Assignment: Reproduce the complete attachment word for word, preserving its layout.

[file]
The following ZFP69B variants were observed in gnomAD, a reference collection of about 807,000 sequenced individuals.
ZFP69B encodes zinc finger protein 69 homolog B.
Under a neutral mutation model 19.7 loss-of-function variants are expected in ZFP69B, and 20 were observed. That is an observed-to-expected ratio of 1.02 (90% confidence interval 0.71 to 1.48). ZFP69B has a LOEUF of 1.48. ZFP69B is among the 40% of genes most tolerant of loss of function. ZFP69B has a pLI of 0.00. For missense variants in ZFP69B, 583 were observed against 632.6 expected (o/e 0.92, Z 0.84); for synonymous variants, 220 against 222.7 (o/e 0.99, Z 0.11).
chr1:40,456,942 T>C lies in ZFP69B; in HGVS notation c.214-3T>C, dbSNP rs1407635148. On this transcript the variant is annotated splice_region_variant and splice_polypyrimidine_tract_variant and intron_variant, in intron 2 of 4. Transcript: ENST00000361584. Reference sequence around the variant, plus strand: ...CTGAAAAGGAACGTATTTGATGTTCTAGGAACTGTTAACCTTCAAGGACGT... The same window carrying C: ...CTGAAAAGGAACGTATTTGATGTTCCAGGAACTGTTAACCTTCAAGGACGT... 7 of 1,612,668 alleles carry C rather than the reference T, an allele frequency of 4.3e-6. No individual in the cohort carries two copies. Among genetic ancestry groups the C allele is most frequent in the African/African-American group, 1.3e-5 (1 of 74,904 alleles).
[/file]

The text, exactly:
The following ZFP69B variants were observed in gnomAD, a reference collection of about 807,000 sequenced individuals.
ZFP69B encodes zinc finger protein 69 homolog B.
Under a neutral mutation model 19.7 loss-of-function variants are expected in ZFP69B, and 20 were observed. That is an observed-to-expected ratio of 1.02 (90% confidence interval 0.71 to 1.48). ZFP69B has a LOEUF of 1.48. ZFP69B is among the 40% of genes most tolerant of loss of function. ZFP69B has a pLI of 0.00. For missense variants in ZFP69B, 583 were observed against 632.6 expected (o/e 0.92, Z 0.84); for synonymous variants, 220 against 222.7 (o/e 0.99, Z 0.11).
chr1:40,456,942 T>C lies in ZFP69B; in HGVS notation c.214-3T>C, dbSNP rs1407635148. On this transcript the variant is annotated splice_region_variant and splice_polypyrimidine_tract_variant and intron_variant, in intron 2 of 4. Transcript: ENST00000361584. Reference sequence around the variant, plus strand: ...CTGAAAAGGAACGTATTTGATGTTCTAGGAACTGTTAACCTTCAAGGACGT... The same window carrying C: ...CTGAAAAGGAACGTATTTGATGTTCCAGGAACTGTTAACCTTCAAGGACGT... 7 of 1,612,668 alleles carry C rather than the reference T, an allele frequency of 4.3e-6. No individual in the cohort carries two copies. Among genetic ancestry groups the C allele is most frequent in the African/African-American group, 1.3e-5 (1 of 74,904 alleles).